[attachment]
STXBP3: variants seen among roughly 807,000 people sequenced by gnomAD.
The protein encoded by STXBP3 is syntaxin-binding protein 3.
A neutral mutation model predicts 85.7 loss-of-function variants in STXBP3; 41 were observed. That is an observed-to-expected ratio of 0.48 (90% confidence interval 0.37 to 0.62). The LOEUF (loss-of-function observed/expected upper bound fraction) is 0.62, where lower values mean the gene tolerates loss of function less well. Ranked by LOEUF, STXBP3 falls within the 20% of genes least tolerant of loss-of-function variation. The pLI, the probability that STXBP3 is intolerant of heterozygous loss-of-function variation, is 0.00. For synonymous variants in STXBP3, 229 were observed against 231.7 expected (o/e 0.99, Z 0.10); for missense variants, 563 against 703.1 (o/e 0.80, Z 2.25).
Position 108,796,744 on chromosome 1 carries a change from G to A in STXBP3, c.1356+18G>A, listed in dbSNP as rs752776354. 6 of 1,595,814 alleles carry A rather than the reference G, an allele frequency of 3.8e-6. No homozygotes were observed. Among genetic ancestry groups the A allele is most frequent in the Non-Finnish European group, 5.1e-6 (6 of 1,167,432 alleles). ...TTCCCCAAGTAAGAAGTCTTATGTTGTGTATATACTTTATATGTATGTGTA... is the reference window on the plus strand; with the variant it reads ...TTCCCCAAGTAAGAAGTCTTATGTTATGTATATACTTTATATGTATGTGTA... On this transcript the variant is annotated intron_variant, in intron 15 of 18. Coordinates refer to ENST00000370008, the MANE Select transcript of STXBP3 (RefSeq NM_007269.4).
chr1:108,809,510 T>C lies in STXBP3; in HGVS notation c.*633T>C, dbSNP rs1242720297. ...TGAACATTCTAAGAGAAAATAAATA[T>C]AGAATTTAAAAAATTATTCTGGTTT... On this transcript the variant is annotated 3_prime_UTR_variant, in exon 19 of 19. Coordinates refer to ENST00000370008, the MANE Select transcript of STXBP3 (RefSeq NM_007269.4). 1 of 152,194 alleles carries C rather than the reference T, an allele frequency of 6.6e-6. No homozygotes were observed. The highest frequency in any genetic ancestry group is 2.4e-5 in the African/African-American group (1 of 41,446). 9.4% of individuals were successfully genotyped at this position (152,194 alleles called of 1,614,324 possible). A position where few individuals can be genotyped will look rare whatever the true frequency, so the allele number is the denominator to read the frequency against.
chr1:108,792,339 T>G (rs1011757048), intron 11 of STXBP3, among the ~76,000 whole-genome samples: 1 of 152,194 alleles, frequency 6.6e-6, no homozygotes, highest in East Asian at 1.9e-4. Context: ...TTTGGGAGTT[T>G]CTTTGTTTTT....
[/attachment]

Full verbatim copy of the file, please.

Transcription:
STXBP3: variants seen among roughly 807,000 people sequenced by gnomAD.
The protein encoded by STXBP3 is syntaxin-binding protein 3.
A neutral mutation model predicts 85.7 loss-of-function variants in STXBP3; 41 were observed. That is an observed-to-expected ratio of 0.48 (90% confidence interval 0.37 to 0.62). The LOEUF (loss-of-function observed/expected upper bound fraction) is 0.62, where lower values mean the gene tolerates loss of function less well. Ranked by LOEUF, STXBP3 falls within the 20% of genes least tolerant of loss-of-function variation. The pLI, the probability that STXBP3 is intolerant of heterozygous loss-of-function variation, is 0.00. For synonymous variants in STXBP3, 229 were observed against 231.7 expected (o/e 0.99, Z 0.10); for missense variants, 563 against 703.1 (o/e 0.80, Z 2.25).
Position 108,796,744 on chromosome 1 carries a change from G to A in STXBP3, c.1356+18G>A, listed in dbSNP as rs752776354. 6 of 1,595,814 alleles carry A rather than the reference G, an allele frequency of 3.8e-6. No homozygotes were observed. Among genetic ancestry groups the A allele is most frequent in the Non-Finnish European group, 5.1e-6 (6 of 1,167,432 alleles). ...TTCCCCAAGTAAGAAGTCTTATGTTGTGTATATACTTTATATGTATGTGTA... is the reference window on the plus strand; with the variant it reads ...TTCCCCAAGTAAGAAGTCTTATGTTATGTATATACTTTATATGTATGTGTA... On this transcript the variant is annotated intron_variant, in intron 15 of 18. Coordinates refer to ENST00000370008, the MANE Select transcript of STXBP3 (RefSeq NM_007269.4).
chr1:108,809,510 T>C lies in STXBP3; in HGVS notation c.*633T>C, dbSNP rs1242720297. ...TGAACATTCTAAGAGAAAATAAATA[T>C]AGAATTTAAAAAATTATTCTGGTTT... On this transcript the variant is annotated 3_prime_UTR_variant, in exon 19 of 19. Coordinates refer to ENST00000370008, the MANE Select transcript of STXBP3 (RefSeq NM_007269.4). 1 of 152,194 alleles carries C rather than the reference T, an allele frequency of 6.6e-6. No homozygotes were observed. The highest frequency in any genetic ancestry group is 2.4e-5 in the African/African-American group (1 of 41,446). 9.4% of individuals were successfully genotyped at this position (152,194 alleles called of 1,614,324 possible). A position where few individuals can be genotyped will look rare whatever the true frequency, so the allele number is the denominator to read the frequency against.
chr1:108,792,339 T>G (rs1011757048), intron 11 of STXBP3, among the ~76,000 whole-genome samples: 1 of 152,194 alleles, frequency 6.6e-6, no homozygotes, highest in East Asian at 1.9e-4. Context: ...TTTGGGAGTT[T>G]CTTTGTTTTT....